Construction of the new station building at Uckfield is complete and it is now open for passengers to use. This brand new, much awaited station has been built as part of the Department for Transport’s National Station Improvement Programme (NSIP), and will bring noticeable and lasting improvements for the thousands of passengers who use the station each year.
Through NSIP, the temporary station at Uckfield has been replaced with a modern building, increased seating for passengers, more bicycle parking facilities, space for a small retail facility, additional shelters on the platform and improved access for passengers with reduced mobility. The new building is also easier for railway staff to maintain, and provides more resistance to vandalism.
The new station was formally opened on Tuesday 16th March 2010 by long standing Southern passenger, Mrs Mary Fox and station clerk, Jan Pratt. Mrs Fox has been travelling from Uckfield station for the past 75 years, and continues to do so to this day. Also present at the event were the Mayor of Uckfield, Councillor Len Ashby, Wealden MP, Charles Hendry, Southern Managing Director, Chris Burchell, Network Rail Sussex Route Director, Fiona Taylor and guests comprising Southern stakeholders and passengers.
Southern Managing Director, Chris Burchell said: “Our Uckfield passengers have finally got the station they expect and deserve. This superb new station will provide them with excellent facilities and the station itself will contribute greatly towards the town, which is expanding fast. This new station should more than meet the requirements of both the town and our passengers for many years to come.”
The mayor of Uckfield, Councillor Len Ashby said: “It is particularly gratifying to see that this renewed passion for rail travel is no better exemplified than here on the Uckfield Line, where long-overdue investment has seen passenger numbers rocket in recent years thanks to the recently introduced Turbostars and direct London Bridge Services. We, as a town who cherishes its railway, thank Southern for their efforts in recent years and also Network Rail for working with them and our other partner organisations, to achieve the construction of this new station.”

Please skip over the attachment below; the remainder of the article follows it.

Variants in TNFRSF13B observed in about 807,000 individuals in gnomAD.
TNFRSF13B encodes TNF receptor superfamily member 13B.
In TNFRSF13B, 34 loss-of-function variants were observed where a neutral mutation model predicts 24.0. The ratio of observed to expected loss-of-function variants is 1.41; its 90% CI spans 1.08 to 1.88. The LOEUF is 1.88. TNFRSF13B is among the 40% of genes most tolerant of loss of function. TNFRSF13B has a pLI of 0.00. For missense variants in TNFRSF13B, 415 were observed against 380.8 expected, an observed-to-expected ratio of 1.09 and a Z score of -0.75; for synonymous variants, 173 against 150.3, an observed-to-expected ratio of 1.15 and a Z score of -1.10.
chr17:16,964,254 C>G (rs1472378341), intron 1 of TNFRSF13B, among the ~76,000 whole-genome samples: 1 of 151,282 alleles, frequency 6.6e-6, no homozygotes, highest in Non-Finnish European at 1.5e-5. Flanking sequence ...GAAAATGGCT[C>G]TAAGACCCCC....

Network Rail Sussex Route Director, Fiona Taylor said: “With record levels of punctuality and a major programme of investment underway to enable longer trains to run, providing more seats for passengers, we can now put increased focus on improving stations. The new facilities and modular design building at Uckfield are a great example of how the rail industry is working together to bring Britain’s stations into the 21st century.”
Charles Hendry MP said: “I am delighted that Uckfield has finally got the station facilities it deserves and I am very grateful to Southern for investing the funds to provide this excellent new station. Rail travellers will now have extra seating and more shelters which will be greatly welcomed. In recent years, we have seen a greatly improved train service and now we have a modern station.”
The original Victorian station was opened in October 1858, when Uckfield was the terminus of the branch line from Lewes. In 1868, the line at Uckfield was extended north to Tunbridge Wells. When the Uckfield-Lewes section of the line was closed in 1968, the writing was on the wall for the old station and in 1991, the station building was closed. It quickly fell into disrepair and became a victim of vandalism and arson attacks.
Eventually, the station was demolished in December 2000. Leading up to the closure of the old station, its replacement was being constructed on opposite side of the road in order to improve access to it. It was a portakabin-type structure which was intended be temporary. This second station incarnation became unfit for purpose in 2008 and was replaced by a second temporary station building. Meanwhile, plans to build a new station on the site were in place, and shortly after the installation of the second temporary building, construction on the new station began.
In March 2000, the total number of journeys made from Uckfield for the previous 12 months stood at 107,000. For the next four and a half years, journey numbers stayed relatively stable with an average of 110,000 journeys made. However, this changed dramatically in December 2004 when the regular direct service to London Bridge was introduced and at around the same time came the demise of the old slam door diesel ‘Thumpers’ and the introduction of a brand new fleet of Class 171 Turbostar diesels. As a result, journeys made from Uckfield shot up in just six months to 138,000 and continued to grow by around 50,000 per year. The latest figures show total journeys made from Uckfield for 2008/2009 weigh in at 335,000 – a staggering 179% increase in just 5 years!